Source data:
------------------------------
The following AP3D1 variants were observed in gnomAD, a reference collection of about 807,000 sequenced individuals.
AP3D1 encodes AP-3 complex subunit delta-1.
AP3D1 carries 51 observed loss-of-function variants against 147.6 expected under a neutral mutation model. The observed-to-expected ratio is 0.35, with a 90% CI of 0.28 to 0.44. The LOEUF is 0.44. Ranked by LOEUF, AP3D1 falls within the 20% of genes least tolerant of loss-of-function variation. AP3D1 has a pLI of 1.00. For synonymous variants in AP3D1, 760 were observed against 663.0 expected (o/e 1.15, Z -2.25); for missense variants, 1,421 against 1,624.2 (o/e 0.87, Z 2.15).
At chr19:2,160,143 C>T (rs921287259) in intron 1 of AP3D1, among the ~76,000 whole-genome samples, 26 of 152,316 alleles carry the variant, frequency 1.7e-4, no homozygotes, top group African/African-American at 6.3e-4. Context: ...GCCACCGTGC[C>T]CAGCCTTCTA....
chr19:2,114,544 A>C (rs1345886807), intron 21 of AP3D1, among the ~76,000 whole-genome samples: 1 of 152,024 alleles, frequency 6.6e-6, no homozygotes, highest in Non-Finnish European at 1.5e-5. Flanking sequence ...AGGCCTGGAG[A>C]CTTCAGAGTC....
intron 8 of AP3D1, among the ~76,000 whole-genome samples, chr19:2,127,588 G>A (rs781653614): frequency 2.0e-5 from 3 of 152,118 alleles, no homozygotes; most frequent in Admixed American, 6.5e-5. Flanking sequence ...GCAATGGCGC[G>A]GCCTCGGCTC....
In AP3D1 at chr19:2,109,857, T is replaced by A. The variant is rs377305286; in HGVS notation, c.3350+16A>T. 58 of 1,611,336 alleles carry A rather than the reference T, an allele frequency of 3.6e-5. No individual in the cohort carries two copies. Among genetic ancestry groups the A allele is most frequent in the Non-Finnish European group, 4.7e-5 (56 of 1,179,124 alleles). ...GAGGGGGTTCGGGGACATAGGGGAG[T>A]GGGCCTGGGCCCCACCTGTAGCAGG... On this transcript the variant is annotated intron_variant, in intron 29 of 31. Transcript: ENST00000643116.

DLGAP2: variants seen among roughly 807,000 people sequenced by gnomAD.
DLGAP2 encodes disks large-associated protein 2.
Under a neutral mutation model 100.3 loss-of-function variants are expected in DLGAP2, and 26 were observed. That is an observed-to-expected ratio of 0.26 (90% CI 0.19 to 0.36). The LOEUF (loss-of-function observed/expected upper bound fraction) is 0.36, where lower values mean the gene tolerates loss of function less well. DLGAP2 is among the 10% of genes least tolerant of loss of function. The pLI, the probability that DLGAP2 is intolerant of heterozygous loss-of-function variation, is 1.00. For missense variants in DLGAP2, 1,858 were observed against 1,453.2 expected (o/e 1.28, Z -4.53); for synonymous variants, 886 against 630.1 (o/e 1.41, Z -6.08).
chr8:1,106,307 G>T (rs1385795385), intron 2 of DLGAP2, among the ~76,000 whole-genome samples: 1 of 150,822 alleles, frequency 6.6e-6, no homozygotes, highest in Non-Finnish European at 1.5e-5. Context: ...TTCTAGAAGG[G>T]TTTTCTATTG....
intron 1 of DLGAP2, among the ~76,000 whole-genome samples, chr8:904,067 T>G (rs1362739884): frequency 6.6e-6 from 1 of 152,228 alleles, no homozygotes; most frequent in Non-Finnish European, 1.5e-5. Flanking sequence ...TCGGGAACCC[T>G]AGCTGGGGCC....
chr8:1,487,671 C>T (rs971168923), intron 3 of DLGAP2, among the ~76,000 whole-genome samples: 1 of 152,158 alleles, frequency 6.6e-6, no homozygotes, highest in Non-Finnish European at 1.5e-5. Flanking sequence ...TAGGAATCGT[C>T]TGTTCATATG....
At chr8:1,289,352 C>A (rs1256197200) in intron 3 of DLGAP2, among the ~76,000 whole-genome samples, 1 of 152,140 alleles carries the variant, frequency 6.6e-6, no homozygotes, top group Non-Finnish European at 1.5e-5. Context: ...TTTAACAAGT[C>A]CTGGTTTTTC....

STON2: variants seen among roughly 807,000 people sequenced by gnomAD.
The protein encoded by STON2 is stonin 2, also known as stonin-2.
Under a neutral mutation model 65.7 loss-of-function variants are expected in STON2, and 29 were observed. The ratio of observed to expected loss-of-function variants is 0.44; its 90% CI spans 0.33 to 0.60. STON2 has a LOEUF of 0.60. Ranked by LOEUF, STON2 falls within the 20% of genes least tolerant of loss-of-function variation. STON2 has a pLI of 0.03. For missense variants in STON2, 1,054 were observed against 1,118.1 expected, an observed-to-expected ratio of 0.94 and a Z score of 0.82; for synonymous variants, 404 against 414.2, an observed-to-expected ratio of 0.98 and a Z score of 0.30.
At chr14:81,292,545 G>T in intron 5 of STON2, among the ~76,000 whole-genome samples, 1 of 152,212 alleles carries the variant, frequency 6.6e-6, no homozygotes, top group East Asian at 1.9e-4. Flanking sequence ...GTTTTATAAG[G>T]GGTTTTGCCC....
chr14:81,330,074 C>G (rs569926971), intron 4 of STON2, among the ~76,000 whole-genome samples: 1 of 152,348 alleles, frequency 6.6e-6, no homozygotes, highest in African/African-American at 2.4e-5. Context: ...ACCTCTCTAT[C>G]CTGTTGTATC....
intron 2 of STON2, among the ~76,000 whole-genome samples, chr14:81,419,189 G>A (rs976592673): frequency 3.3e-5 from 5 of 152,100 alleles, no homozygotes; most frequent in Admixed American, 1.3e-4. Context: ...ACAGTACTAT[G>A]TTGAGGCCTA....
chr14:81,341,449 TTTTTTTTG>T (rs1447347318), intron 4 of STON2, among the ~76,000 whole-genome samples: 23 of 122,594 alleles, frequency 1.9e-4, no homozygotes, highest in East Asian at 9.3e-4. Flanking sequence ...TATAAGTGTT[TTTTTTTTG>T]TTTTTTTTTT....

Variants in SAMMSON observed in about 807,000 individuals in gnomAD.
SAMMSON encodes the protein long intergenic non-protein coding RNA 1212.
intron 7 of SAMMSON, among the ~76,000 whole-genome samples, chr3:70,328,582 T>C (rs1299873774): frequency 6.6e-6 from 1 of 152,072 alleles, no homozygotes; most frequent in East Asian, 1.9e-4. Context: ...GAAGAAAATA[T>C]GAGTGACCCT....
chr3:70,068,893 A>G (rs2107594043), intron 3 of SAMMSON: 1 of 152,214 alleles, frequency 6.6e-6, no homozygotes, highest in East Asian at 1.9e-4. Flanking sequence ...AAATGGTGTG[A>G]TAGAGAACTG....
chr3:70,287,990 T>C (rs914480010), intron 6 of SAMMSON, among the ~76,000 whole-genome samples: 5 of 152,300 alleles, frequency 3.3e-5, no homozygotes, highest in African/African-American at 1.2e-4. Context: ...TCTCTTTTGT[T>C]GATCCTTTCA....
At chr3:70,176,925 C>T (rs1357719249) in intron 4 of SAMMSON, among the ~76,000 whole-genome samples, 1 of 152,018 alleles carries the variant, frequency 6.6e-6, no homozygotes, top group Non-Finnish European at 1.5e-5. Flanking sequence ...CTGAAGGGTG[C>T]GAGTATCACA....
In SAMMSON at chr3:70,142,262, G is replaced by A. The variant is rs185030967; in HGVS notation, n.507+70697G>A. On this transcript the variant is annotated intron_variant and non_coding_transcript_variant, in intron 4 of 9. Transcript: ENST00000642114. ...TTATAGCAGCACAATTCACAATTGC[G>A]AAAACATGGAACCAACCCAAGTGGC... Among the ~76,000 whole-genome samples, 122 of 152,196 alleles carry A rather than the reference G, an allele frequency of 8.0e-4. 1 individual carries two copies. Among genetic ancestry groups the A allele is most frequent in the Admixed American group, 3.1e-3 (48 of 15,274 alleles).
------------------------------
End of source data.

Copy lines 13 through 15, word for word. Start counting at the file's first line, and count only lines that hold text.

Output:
chr8:1,487,671 C>T (rs971168923), intron 3 of DLGAP2, among the ~76,000 whole-genome samples: 1 of 152,158 alleles, frequency 6.6e-6, no homozygotes, highest in Non-Finnish European at 1.5e-5. Flanking sequence ...TAGGAATCGT[C>T]TGTTCATATG....
At chr8:1,289,352 C>A (rs1256197200) in intron 3 of DLGAP2, among the ~76,000 whole-genome samples, 1 of 152,140 alleles carries the variant, frequency 6.6e-6, no homozygotes, top group Non-Finnish European at 1.5e-5. Context: ...TTTAACAAGT[C>A]CTGGTTTTTC....

STON2: variants seen among roughly 807,000 people sequenced by gnomAD.